"The Royal Tenenbaums", quite frankly, is superb. Filled with expertly-crafted characters, award-worthy (and winning) performances and big laughs, it's everything that your average movie isn't.
In a "Hey Jude"-accompanied opening spiel narrated by Alec Baldwin, we learn that Gene Hackman is Royal, the selfish, tactless patriarch of a family of geniuses. There's financial wiz Chas (Stiller), tennis star Richie (Luke Wilson), and adopted playwright daughter Margot (Paltrow). Royal is eventually kicked out by his wife Etheline (Huston), essentially abandoning his family.
As the movie starts, several years later, Royal is making a desperate attempt at a family reunion. Something not made easy by his increasingly dysfunctional offspring and no-nonsense spouse, who, despite harbouring deep-seated dislike or distrust for their old man, have found their lives' successes and failures intrinsically connected to him - regardless of his absence.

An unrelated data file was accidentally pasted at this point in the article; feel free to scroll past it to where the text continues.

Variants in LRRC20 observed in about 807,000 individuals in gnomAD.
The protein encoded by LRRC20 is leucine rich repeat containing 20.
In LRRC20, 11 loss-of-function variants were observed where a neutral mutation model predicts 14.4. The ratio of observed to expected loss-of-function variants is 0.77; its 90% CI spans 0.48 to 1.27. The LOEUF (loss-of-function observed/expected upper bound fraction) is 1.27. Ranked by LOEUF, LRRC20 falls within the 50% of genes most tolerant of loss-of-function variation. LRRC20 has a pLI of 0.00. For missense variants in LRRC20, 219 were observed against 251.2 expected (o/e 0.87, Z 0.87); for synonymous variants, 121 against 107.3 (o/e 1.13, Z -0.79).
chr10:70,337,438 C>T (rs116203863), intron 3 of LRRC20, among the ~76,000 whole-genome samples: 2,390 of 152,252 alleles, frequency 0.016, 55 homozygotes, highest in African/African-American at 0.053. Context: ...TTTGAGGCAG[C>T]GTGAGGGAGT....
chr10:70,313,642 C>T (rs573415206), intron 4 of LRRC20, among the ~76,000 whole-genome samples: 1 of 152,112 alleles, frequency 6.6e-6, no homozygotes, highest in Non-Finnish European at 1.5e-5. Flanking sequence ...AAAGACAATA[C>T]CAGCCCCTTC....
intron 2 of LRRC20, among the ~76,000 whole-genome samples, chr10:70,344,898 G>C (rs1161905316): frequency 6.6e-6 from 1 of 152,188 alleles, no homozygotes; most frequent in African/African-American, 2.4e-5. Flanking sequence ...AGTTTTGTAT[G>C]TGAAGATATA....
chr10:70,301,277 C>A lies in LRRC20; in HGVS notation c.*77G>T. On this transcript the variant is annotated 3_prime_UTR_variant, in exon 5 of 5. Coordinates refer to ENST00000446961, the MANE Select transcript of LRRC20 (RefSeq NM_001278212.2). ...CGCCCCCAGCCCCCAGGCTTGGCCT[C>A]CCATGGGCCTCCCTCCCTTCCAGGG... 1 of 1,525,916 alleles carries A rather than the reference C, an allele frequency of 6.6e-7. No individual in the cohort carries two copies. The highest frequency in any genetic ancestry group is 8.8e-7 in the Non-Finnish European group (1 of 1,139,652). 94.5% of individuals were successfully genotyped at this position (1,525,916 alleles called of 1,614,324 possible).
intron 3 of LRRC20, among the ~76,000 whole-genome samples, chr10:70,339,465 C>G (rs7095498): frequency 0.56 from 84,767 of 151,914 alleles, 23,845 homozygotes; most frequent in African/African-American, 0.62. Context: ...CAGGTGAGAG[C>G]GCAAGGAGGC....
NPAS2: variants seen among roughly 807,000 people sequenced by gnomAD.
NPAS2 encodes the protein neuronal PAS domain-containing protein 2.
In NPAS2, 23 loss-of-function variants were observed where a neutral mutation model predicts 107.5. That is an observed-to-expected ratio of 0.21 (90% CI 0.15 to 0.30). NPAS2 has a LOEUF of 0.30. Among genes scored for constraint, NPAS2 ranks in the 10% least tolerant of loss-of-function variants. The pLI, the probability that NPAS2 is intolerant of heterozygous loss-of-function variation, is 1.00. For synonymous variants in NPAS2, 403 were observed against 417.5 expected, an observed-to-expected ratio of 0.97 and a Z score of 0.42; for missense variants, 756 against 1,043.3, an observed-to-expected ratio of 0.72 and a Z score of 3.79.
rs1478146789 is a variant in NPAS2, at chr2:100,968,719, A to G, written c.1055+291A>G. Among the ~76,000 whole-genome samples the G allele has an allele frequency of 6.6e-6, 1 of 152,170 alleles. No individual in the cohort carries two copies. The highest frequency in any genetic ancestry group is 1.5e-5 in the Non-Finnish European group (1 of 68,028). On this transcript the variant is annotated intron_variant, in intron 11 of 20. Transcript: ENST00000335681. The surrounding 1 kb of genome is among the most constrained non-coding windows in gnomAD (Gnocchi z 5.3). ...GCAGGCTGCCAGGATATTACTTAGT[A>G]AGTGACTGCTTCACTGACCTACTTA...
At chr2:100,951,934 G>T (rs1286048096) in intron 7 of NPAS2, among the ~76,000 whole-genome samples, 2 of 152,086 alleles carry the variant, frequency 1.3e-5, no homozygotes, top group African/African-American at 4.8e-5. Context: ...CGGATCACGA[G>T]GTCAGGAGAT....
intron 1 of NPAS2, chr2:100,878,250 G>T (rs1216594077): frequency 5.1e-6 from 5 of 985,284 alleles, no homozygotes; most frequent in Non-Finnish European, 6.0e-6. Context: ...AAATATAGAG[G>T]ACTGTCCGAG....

For anyone who has seen co-writer/director Anderson's last film "Rushmore", you'll know that he peppers his movies with quirky personalities and visual gags, and "The Royal Tenenbaums" more than lives up to that tradition.
Each of the leading characters has a vivid past and hilarious foibles, brilliantly executed by all - especially Hackman, who won a Golden Globe for his role. The landscape meanwhile - a kind of otherworldly New York - is a richly-textured tapestry.
Funny, touching, intelligent, strange... well, let's just stop before we run out of superlatives. Suffice to say that it's unlikely you'll see a better or more unique movie this year.